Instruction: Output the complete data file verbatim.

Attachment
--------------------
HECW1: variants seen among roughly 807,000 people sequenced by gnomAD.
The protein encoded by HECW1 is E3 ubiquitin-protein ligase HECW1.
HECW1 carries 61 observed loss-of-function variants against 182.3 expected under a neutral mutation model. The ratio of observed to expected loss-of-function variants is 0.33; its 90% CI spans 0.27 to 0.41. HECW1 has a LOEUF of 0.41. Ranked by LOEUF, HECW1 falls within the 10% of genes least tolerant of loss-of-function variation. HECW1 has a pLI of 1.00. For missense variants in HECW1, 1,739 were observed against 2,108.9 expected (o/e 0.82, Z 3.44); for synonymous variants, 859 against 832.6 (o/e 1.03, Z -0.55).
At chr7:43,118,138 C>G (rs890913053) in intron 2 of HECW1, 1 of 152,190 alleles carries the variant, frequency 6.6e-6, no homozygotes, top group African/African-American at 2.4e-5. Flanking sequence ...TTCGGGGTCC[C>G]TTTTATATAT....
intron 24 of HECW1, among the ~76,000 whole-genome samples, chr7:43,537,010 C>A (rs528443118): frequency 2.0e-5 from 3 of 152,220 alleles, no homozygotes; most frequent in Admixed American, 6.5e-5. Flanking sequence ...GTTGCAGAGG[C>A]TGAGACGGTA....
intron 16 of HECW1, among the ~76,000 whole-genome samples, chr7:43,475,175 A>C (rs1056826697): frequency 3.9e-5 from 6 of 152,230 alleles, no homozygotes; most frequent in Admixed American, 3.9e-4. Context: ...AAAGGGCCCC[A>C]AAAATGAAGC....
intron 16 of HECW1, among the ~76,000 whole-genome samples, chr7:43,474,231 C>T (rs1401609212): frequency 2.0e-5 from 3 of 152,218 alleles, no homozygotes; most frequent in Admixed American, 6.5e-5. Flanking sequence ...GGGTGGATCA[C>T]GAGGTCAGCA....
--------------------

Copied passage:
HECW1: variants seen among roughly 807,000 people sequenced by gnomAD.
The protein encoded by HECW1 is E3 ubiquitin-protein ligase HECW1.
HECW1 carries 61 observed loss-of-function variants against 182.3 expected under a neutral mutation model. The ratio of observed to expected loss-of-function variants is 0.33; its 90% CI spans 0.27 to 0.41. HECW1 has a LOEUF of 0.41. Ranked by LOEUF, HECW1 falls within the 10% of genes least tolerant of loss-of-function variation. HECW1 has a pLI of 1.00. For missense variants in HECW1, 1,739 were observed against 2,108.9 expected (o/e 0.82, Z 3.44); for synonymous variants, 859 against 832.6 (o/e 1.03, Z -0.55).
At chr7:43,118,138 C>G (rs890913053) in intron 2 of HECW1, 1 of 152,190 alleles carries the variant, frequency 6.6e-6, no homozygotes, top group African/African-American at 2.4e-5. Flanking sequence ...TTCGGGGTCC[C>G]TTTTATATAT....
intron 24 of HECW1, among the ~76,000 whole-genome samples, chr7:43,537,010 C>A (rs528443118): frequency 2.0e-5 from 3 of 152,220 alleles, no homozygotes; most frequent in Admixed American, 6.5e-5. Flanking sequence ...GTTGCAGAGG[C>A]TGAGACGGTA....
intron 16 of HECW1, among the ~76,000 whole-genome samples, chr7:43,475,175 A>C (rs1056826697): frequency 3.9e-5 from 6 of 152,230 alleles, no homozygotes; most frequent in Admixed American, 3.9e-4. Context: ...AAAGGGCCCC[A>C]AAAATGAAGC....
intron 16 of HECW1, among the ~76,000 whole-genome samples, chr7:43,474,231 C>T (rs1401609212): frequency 2.0e-5 from 3 of 152,218 alleles, no homozygotes; most frequent in Admixed American, 6.5e-5. Flanking sequence ...GGGTGGATCA[C>T]GAGGTCAGCA....